• An “ebullient, graphic, homoerotic, black-and-white” mural made by Keith Haring in the former mensroom of New York’s Lesbian and Gay Community Services Center in 1989 is open to the public all month long following a $25,000 conservation effort.

• Want more links like this? Follow Art News From Elsewhere on the Walker homepage.

Centerpoints: Underground Parks, Facebook IDs, Superflex’s Tools

• Tobias Leingruber has shut down FBbureau.com, a satirical art project in which he proposed official Facebook ID cards, after the online giant had its lawyers send him a cease-and-desist letter claiming trademark infringement. • “You can use an object as a sculpture, but also you can also smash a window with it, or break […]

Tobias Leingruber has shut down FBbureau.com, a satirical art project in which he proposed official Facebook ID cards, after the online giant had its lawyers send him a cease-and-desist letter claiming trademark infringement.

• “You can use an object as a sculpture, but also you can also smash a window with it, or break into a bank,” says Bjørnstjerne Christiansen on why Superflex calls its art (like the work Bankrupt Banks) tools. “It invites participation, and also criticality.”

Ai Weiwei, Burmese poet Min Htin Ko Ko Gyi, Syrian cartoonist Ali Ferzat, and Russia’s Voina collective are nominees for the 2012 Index Awards, which highlight creators “whose work asserts artistic freedom and battles against repression and injustice.”

• Inspired by the High Line, the elevated park in Lower Manhattan, organizers are fundraising on Kickstarter to build a LowLine on the Lower East side: a 1.5-acre, solar-lit public green space in an abandoned underground trolley terminal.

• After printing a $100,000 bill on a billboard—a John Baldessari work commenting on the financial crisis—the second project selected by High Line art curator Cecelia Alemani is a giant eye by Anne Collier. “There’s so much voyeurism here,” she says.

Ikea is teaming up with Oregon-based architectural firm Ideabox to get into the prefab housing business. The Swedish-themed one-bedroom abode, which has a design focused on efficient space use, will retail for just shy of $87,000.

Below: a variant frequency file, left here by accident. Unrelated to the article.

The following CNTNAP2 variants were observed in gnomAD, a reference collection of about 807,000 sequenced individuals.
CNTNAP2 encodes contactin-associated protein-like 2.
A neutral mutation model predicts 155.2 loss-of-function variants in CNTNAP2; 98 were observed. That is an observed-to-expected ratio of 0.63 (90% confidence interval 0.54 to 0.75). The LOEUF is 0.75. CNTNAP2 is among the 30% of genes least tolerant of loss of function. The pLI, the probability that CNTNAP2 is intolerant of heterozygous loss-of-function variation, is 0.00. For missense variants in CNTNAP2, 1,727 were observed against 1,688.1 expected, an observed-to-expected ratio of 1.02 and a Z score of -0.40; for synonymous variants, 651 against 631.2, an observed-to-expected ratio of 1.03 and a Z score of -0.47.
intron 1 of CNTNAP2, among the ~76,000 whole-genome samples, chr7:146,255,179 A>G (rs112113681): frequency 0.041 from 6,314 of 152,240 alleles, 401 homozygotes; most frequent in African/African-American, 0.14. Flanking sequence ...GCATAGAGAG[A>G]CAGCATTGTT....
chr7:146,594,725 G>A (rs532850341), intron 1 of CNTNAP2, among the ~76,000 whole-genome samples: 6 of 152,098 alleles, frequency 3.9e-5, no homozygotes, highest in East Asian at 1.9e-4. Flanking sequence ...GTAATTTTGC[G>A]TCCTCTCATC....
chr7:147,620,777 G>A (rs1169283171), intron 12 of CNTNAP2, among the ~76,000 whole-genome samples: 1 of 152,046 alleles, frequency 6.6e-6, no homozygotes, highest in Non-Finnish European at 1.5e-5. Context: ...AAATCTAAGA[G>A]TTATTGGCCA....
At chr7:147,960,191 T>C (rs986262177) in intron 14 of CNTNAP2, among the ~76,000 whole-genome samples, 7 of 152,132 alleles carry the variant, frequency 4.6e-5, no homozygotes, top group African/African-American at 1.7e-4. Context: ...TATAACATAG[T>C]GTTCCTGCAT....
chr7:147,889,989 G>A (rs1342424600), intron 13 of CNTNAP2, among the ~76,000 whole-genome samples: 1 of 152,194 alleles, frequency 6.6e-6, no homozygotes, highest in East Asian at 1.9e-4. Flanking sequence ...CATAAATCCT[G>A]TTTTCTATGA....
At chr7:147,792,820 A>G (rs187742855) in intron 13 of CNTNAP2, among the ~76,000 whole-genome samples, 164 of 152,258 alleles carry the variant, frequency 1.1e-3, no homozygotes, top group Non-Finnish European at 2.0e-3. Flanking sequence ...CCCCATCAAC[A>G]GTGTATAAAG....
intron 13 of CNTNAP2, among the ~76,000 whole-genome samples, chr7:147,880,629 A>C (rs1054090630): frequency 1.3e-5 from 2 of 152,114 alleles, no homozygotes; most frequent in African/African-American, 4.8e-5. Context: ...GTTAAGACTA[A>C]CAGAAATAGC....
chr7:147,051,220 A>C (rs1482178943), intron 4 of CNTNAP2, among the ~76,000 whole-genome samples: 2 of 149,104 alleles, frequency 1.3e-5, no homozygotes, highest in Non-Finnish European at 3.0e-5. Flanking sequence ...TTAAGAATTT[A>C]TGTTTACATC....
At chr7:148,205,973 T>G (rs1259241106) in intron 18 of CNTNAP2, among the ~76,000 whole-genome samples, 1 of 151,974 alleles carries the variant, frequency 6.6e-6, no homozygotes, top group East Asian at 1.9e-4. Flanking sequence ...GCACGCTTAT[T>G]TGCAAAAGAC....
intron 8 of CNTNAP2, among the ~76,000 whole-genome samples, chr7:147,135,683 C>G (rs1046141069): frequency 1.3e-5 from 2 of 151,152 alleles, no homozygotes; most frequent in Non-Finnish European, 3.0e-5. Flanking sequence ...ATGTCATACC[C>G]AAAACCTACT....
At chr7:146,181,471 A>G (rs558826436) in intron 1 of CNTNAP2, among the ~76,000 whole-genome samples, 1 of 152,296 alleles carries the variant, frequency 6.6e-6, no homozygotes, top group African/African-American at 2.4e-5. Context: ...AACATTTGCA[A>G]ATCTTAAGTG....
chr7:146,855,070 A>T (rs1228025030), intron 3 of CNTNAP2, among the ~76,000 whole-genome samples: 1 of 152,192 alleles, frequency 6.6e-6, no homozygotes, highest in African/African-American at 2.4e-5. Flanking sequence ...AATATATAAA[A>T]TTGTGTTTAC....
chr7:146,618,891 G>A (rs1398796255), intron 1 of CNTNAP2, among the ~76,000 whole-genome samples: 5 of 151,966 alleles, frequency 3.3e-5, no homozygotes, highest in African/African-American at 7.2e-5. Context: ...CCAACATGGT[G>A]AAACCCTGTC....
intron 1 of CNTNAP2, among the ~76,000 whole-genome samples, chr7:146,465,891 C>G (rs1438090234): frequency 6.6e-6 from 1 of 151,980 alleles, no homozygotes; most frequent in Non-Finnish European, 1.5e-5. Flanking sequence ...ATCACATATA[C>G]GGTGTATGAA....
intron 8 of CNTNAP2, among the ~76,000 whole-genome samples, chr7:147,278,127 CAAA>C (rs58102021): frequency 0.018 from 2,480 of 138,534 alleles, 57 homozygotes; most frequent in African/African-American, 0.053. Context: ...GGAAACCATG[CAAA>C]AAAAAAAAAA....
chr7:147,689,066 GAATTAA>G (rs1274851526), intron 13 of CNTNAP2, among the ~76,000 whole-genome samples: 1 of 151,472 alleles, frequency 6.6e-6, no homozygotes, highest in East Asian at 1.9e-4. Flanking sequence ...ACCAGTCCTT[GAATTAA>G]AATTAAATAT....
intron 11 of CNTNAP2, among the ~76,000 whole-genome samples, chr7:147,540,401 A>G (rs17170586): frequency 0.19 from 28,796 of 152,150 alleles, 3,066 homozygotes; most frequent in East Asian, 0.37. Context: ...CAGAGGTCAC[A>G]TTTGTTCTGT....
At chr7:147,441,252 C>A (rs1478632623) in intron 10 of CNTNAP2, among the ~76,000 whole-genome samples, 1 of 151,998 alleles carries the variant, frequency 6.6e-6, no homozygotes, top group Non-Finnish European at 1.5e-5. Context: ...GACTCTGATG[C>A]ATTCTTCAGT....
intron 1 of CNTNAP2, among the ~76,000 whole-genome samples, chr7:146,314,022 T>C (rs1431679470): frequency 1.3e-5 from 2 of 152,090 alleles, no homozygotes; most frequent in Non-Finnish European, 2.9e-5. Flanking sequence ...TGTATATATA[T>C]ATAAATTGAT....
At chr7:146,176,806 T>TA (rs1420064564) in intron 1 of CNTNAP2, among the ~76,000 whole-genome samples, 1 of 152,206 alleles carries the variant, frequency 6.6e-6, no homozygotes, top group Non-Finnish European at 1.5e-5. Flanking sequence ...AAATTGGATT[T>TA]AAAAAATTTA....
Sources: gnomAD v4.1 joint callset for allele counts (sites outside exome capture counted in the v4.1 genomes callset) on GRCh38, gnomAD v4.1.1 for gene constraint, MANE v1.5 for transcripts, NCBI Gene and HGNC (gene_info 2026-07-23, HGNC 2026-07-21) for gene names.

• After Occupy Wall Street sent a letter calling for an end to the New York institution’s signature biennial, the Whitney got pranked Monday: a faked Whitney website and release claimed the museum was rejecting sponsor money from Sotheby’s and Deutsche Bank.

• Occupy is alive and well in the realm of comics. The July issue of Archie will address the global protest movement, according to leaked artwork that shows banners that read “Occupy Riverdale” and “We are the 99%.” It follows up an equally political issue of the comic: #16, an issue protested by conservative groups, featured the same-sex marriage of gay character Kevin Keller. Copies of the issue sold out.

• Want more links like this? Follow Art News From Elsewhere on the Walker homepage.

Centerpoints: Buddhism and Art, Translating Peace

• “The main thing that attracts me to Buddhism is probably what attracts every artist to being an artist—that it’s a godlike thing,” says Laurie Anderson in an interview with The Believer. “You are the ultimate authority. There is no other ultimate authority.” • When Chris Burden’s Metropolis, a kinetic sculpture/mini-cityscape, opens at LACMA on Saturday, […]

“The main thing that attracts me to Buddhism is probably what attracts every artist to being an artist—that it’s a godlike thing,” says Laurie Anderson in an interview with The Believer. “You are the ultimate authority. There is no other ultimate authority.”

When Chris Burden’s Metropolis, a kinetic sculpture/mini-cityscape, opens at LACMA on Saturday, it’ll whiz some 1,100 tiny cars through its 18 lanes of traffic at speeds of around 240 miles per hour.

For a show opening in New Delhi Friday, Yoko Ono has produced new versions of the WAR IS OVER! poster she created with John Lennon in 1968. Now translated into 108 languages (including Klingon), the series’ newest additions include Telugu, Urdu, Tamil (pictured), and Kannada.

Rest in Peace: Dara Greenwald. The artist, community organizer and Just Seeds member succumbed to cancer at age 40. Co-author, with partner Josh MacPhee of the book, Signs of Change: Social Movement Cultures 1960s to Now, Greenwald spoke about activism and participatory art at the 2009 Creative Time Summit.

• Among the tens of thousands of Nigerians protesting subsidy cuts that have brought a doubling of gas prices is Seun Kuti, son of afropop legend Fela Kuti. “Our grandfathers had their chance. Our fathers had their chance” he said at a rally in Lagos. ” If we don’t take a stand for corruption in Nigeria now, then we too have lost.” Seun, who performs in Minneapolis in April at a Walker-sponsored event, was joined in protest by his brother, Femi, author Chinua Achebe, and others.